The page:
‘For a while, that song was everywhere,’ recalls Garvey. ‘They say when you’re in London you’re never more than six feet from a rat, and that song was kind of like that for a bit. If you surfed through the channels, you’d always find it accompanying a bell-ringing competition or a Formula 1 race or something…’
As well as a starring role in the London 2012 Olympic closing ceremony, the song was responsible for what is widely agreed to be one of the greatest moments in the history of the Glastonbury Festival, as Garvey led the Pyramid Stage crowd in a mass sing-along of its joyous, life-affirming mantra ‘Throw those curtains wide, one day like this a year would see me right’ against the backdrop of a setting sun.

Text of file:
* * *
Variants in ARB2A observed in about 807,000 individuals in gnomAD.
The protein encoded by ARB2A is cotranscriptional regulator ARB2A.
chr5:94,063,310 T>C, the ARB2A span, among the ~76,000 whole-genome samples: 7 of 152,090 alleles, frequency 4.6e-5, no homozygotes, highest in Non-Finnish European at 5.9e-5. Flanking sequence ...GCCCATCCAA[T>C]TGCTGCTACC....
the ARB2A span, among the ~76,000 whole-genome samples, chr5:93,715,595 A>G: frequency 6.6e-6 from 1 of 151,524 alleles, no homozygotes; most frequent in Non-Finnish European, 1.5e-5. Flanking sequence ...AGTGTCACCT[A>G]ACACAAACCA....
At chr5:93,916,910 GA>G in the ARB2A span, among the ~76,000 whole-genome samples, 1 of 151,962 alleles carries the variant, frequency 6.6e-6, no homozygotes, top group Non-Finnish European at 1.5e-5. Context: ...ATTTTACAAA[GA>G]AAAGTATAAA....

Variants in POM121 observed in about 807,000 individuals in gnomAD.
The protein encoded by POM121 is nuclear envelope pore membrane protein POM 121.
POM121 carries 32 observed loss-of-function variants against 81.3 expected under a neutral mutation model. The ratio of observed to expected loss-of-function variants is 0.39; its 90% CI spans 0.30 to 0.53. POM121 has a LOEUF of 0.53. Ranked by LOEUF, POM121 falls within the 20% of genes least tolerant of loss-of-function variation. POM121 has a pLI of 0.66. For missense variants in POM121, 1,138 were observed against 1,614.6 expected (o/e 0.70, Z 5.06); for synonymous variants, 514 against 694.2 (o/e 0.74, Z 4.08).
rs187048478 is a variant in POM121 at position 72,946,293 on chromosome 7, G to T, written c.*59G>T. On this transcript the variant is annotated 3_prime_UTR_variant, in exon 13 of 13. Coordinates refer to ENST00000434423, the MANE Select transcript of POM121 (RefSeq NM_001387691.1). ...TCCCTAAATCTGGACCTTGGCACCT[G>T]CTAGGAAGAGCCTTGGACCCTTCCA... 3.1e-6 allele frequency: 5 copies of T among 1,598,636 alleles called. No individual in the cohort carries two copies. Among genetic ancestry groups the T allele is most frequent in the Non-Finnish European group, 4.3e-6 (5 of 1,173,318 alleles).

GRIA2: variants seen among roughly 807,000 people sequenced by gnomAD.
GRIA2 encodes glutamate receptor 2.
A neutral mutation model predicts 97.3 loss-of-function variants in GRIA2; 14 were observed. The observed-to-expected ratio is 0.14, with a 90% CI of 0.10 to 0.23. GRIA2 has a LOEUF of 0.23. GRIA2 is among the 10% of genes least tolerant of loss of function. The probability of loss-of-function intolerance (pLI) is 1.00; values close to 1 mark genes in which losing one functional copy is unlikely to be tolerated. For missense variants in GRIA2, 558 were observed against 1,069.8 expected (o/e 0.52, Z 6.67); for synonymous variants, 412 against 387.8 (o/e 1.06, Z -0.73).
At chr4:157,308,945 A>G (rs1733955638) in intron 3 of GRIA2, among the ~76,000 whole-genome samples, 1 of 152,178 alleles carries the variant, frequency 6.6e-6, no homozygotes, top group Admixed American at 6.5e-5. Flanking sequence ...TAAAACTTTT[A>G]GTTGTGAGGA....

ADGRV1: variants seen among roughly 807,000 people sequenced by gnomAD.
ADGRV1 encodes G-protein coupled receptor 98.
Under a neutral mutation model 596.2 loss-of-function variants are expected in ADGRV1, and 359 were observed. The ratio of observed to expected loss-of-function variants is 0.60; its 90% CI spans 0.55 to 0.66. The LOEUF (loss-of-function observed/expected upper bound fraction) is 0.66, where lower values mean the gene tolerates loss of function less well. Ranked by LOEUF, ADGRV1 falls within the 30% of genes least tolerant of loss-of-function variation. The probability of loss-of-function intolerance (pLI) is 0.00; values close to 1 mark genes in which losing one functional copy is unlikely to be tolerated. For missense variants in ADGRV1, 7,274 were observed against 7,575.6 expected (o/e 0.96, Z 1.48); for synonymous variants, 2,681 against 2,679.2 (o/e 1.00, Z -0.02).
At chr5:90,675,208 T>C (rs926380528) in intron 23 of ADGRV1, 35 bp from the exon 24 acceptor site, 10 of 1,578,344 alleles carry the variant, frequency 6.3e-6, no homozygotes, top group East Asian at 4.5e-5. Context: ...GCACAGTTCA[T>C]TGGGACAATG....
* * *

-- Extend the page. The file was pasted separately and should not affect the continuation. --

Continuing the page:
Much of Elbow’s sublime new album, Little Fictions, exudes the same positive outlook, despite being written and recorded in the wake of Jupp’s departure – and in 2016, of all years.
‘Life goes on,’ shrugs Garvey, who’s also parlayed his musical passions into a second career as an award-winning TV and radio presenter. ‘We managed to make a positive record because it was important to us to do something bright and happy. As the year wore on, it felt like there’d never been a more important time to offer our particular brand of unabashed, hopeful enthusiasm.’
He’s half joking, but it’s essentially true: while much of pop music is either anguished and miserable or annoyingly perky, Elbow have charted a way through the middle with songs that say ‘life can be tough, but don’t worry kid – we’ve got your back’. Their music is like a big, beery bear hug, and Garvey is Britain’s bear-hugger in chief.